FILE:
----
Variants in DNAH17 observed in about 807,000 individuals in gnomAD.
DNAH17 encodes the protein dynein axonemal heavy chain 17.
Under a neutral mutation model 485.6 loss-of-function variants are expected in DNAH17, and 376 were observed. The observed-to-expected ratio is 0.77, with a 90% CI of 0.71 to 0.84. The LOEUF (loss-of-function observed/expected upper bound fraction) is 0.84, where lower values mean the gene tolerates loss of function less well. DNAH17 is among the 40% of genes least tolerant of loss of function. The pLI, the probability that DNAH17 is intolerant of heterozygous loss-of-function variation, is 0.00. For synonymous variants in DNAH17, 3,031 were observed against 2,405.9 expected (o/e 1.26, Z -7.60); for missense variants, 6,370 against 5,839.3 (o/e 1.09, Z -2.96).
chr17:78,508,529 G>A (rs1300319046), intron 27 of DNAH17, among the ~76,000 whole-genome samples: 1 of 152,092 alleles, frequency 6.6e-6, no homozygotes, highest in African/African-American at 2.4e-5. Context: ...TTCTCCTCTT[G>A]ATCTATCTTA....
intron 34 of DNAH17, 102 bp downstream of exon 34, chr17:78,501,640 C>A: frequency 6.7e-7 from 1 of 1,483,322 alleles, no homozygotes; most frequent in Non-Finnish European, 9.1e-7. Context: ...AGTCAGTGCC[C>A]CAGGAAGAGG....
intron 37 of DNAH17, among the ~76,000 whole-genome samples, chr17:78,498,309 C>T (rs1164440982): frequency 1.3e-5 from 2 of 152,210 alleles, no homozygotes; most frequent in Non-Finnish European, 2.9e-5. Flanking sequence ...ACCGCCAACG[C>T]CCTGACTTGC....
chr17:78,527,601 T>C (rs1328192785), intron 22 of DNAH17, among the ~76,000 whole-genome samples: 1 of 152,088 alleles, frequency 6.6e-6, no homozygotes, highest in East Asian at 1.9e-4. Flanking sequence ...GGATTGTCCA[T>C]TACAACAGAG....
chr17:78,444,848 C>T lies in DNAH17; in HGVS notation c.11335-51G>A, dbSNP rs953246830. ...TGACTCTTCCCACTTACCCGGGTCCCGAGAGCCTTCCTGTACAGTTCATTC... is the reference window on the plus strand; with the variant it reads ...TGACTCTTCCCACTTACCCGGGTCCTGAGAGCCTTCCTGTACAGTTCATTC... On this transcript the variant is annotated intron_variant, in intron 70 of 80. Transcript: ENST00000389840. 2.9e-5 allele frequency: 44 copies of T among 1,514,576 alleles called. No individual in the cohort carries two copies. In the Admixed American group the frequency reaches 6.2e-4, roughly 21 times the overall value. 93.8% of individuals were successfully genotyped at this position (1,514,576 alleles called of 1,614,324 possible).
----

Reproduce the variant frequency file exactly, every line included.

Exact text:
Variants in DNAH17 observed in about 807,000 individuals in gnomAD.
DNAH17 encodes the protein dynein axonemal heavy chain 17.
Under a neutral mutation model 485.6 loss-of-function variants are expected in DNAH17, and 376 were observed. The observed-to-expected ratio is 0.77, with a 90% CI of 0.71 to 0.84. The LOEUF (loss-of-function observed/expected upper bound fraction) is 0.84, where lower values mean the gene tolerates loss of function less well. DNAH17 is among the 40% of genes least tolerant of loss of function. The pLI, the probability that DNAH17 is intolerant of heterozygous loss-of-function variation, is 0.00. For synonymous variants in DNAH17, 3,031 were observed against 2,405.9 expected (o/e 1.26, Z -7.60); for missense variants, 6,370 against 5,839.3 (o/e 1.09, Z -2.96).
chr17:78,508,529 G>A (rs1300319046), intron 27 of DNAH17, among the ~76,000 whole-genome samples: 1 of 152,092 alleles, frequency 6.6e-6, no homozygotes, highest in African/African-American at 2.4e-5. Context: ...TTCTCCTCTT[G>A]ATCTATCTTA....
intron 34 of DNAH17, 102 bp downstream of exon 34, chr17:78,501,640 C>A: frequency 6.7e-7 from 1 of 1,483,322 alleles, no homozygotes; most frequent in Non-Finnish European, 9.1e-7. Context: ...AGTCAGTGCC[C>A]CAGGAAGAGG....
intron 37 of DNAH17, among the ~76,000 whole-genome samples, chr17:78,498,309 C>T (rs1164440982): frequency 1.3e-5 from 2 of 152,210 alleles, no homozygotes; most frequent in Non-Finnish European, 2.9e-5. Flanking sequence ...ACCGCCAACG[C>T]CCTGACTTGC....
chr17:78,527,601 T>C (rs1328192785), intron 22 of DNAH17, among the ~76,000 whole-genome samples: 1 of 152,088 alleles, frequency 6.6e-6, no homozygotes, highest in East Asian at 1.9e-4. Flanking sequence ...GGATTGTCCA[T>C]TACAACAGAG....
chr17:78,444,848 C>T lies in DNAH17; in HGVS notation c.11335-51G>A, dbSNP rs953246830. ...TGACTCTTCCCACTTACCCGGGTCCCGAGAGCCTTCCTGTACAGTTCATTC... is the reference window on the plus strand; with the variant it reads ...TGACTCTTCCCACTTACCCGGGTCCTGAGAGCCTTCCTGTACAGTTCATTC... On this transcript the variant is annotated intron_variant, in intron 70 of 80. Transcript: ENST00000389840. 2.9e-5 allele frequency: 44 copies of T among 1,514,576 alleles called. No individual in the cohort carries two copies. In the Admixed American group the frequency reaches 6.2e-4, roughly 21 times the overall value. 93.8% of individuals were successfully genotyped at this position (1,514,576 alleles called of 1,614,324 possible).